Why then, do so many women choose to wear tee shirts with mysterious and attractive messages emblazoned across the front if they don't want us to look there?  

An example if I may from my recent exhaustive shopping centre studies.
(There was to be an accompanying photographic portfolio with this story, except the mean security guard confiscated my memory cards.)

"The best just got better"  was worn rather snugly by a member of my random sample group.

Pondering what lay behind these five words I found a couple of quite magnificent opportunities for semantic palpation.  
Who previously judged what was "best"?,
and who gets to decide whats "better"?.  
And the ever perplexing "best what?". 

To assist with my intellectual closure, I accordingly manoeuvred myself several times into strategic positions within the shopping centre, to re-read the message, just to make sure there was no additional fine print lurking beneath in the shadows, which I might have missed on earlier viewings.

Security guards apparently have no respect for the honest pursuit of knowledge.

The picture of me which appeared on the front page of the local newspaper was totally unflattering.

And the fingerprinting ink won't wash off either.

I have pleaded "not guilty" to all seven charges.
Having chosen to conduct my own defense, I now have the onerous task of studying legal statutes, and maybe some precedent, in the unlikely event that someone in the past did what I did.

GOF will be absent from The Bucket for the next 4 days. 

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Toni Childs concert review

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It should be mentioned that Mr and Mrs GOF enjoy attending music concerts several times each year, and do not often find need to complain.
We appreciate that international quality entertainers only occasionally visit our neck of the woods, and we like to lend our support.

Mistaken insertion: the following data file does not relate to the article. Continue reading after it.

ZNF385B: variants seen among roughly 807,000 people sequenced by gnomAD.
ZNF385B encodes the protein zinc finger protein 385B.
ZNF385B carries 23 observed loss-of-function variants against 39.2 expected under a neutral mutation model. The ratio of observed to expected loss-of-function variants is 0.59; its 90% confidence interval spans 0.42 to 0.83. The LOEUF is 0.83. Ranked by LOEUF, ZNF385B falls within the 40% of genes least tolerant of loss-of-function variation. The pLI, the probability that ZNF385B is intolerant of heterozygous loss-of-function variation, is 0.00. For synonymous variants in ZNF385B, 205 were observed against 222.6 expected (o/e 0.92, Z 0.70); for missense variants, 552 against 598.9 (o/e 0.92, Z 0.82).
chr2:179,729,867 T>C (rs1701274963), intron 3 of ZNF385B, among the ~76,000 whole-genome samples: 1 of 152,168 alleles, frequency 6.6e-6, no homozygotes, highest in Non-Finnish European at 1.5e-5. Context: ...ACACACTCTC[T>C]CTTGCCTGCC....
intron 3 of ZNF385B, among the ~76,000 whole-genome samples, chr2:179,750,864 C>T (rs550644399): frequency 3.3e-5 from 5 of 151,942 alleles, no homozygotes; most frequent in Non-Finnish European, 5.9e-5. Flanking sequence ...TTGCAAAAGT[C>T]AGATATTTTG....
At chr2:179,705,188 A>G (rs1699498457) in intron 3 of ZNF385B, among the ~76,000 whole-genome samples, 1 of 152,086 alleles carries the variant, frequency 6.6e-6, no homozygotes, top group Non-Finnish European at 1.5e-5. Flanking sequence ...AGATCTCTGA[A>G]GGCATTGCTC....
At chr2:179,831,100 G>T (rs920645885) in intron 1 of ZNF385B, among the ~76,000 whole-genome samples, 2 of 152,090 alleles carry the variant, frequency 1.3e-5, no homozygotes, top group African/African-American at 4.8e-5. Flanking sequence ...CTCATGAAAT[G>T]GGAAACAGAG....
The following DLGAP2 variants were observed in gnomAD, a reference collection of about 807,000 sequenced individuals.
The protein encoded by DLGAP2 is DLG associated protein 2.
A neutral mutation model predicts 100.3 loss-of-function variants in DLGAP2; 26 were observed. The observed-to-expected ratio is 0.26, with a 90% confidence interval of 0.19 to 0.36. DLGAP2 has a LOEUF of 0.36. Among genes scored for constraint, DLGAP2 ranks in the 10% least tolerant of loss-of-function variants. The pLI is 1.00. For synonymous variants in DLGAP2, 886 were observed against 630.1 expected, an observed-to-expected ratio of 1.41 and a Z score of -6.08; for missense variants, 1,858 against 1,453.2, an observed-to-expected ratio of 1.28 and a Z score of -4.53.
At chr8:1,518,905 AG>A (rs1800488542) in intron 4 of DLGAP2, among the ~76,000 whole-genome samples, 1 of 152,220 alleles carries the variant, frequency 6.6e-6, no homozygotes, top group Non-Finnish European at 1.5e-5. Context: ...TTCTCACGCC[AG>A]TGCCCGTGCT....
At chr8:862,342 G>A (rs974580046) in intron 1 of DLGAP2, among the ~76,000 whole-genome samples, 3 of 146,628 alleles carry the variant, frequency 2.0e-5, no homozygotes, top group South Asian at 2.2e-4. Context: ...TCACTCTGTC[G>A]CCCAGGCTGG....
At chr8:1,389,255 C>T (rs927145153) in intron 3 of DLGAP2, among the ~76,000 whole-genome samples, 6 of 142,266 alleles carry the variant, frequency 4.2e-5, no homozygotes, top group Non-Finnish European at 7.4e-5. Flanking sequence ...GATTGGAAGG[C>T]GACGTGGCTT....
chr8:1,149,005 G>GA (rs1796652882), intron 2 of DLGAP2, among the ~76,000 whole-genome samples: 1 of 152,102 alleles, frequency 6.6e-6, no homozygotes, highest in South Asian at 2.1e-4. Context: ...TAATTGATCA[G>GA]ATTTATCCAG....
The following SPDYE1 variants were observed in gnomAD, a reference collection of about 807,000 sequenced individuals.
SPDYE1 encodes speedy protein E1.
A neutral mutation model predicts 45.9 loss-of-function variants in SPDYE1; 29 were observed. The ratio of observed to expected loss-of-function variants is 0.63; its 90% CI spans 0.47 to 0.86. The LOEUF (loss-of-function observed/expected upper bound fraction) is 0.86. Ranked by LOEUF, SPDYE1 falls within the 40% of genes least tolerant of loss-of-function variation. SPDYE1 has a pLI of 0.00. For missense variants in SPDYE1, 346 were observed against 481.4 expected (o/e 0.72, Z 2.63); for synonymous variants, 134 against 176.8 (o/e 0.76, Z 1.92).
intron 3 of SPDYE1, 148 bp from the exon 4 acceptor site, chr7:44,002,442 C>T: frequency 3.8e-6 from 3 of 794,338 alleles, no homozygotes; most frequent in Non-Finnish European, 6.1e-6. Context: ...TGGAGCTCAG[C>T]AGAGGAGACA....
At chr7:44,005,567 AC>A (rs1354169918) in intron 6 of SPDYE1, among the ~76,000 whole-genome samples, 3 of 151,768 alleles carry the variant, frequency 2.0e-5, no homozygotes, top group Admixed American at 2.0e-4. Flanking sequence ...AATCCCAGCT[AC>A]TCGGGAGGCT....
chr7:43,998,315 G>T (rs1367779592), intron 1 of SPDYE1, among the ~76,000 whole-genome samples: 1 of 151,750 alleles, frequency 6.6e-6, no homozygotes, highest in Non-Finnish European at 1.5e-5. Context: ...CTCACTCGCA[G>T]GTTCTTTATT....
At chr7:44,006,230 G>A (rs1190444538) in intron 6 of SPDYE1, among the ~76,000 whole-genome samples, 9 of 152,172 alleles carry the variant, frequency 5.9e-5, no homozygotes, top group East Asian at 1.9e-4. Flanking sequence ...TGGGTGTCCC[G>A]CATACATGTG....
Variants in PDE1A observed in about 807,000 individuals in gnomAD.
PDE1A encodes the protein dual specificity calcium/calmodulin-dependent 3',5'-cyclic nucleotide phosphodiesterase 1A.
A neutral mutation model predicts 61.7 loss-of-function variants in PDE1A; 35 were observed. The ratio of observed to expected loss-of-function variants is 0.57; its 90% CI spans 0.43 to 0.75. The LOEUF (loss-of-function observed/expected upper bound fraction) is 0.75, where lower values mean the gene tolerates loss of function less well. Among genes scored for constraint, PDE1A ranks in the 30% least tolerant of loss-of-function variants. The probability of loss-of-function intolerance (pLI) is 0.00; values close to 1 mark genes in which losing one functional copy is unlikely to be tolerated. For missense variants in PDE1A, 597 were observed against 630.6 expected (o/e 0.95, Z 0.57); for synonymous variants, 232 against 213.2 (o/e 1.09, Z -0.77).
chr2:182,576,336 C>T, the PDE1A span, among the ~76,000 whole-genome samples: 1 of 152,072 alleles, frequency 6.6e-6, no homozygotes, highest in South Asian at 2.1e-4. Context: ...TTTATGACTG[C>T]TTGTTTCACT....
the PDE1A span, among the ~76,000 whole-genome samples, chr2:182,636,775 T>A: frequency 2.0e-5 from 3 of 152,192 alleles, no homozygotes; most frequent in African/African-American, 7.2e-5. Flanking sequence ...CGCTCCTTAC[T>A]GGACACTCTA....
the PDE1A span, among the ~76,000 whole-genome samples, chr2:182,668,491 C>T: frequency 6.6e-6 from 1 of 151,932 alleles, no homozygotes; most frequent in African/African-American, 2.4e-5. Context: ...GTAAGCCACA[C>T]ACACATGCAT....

This one was an exercise of endurance and suffering.
In short it was the most appalling unprofessional event we have ever has the misfortune to witness and pay for.
Firstly the venue was 40 minutes late opening its doors, then the usher staff were confused at the seat numbering system, and the concert began before most people could get in.  
No great shame.  
We suffered with an hour of ageing paunchy Aussie rocker Richard Clapton accompanied on stage by at least 1 bottle of beer from which he found regular need to refresh himself, even mid-way through some of his raucous super amplified exhibitions of vocal inadequacy.
Now I am as athiest as almost anyone could be, but I defend the right of Christian patrons not to have to put up with blasphemous banter when they have paid $100 to be entertained by music.

Next, Toni Childs.  My worlds most powerful, unique, emotional, beautiful voice utterly spoiled and distorted by gross over-amplification and drowned out by the imbalance of guitars and drums over the vocal performance.  Ms Childs also during her minimal 35 minute performance had to consult with her drummer on 3 occasions to find out what song she was supposed to sing next.  Not good enough.  Nowhere near good enough.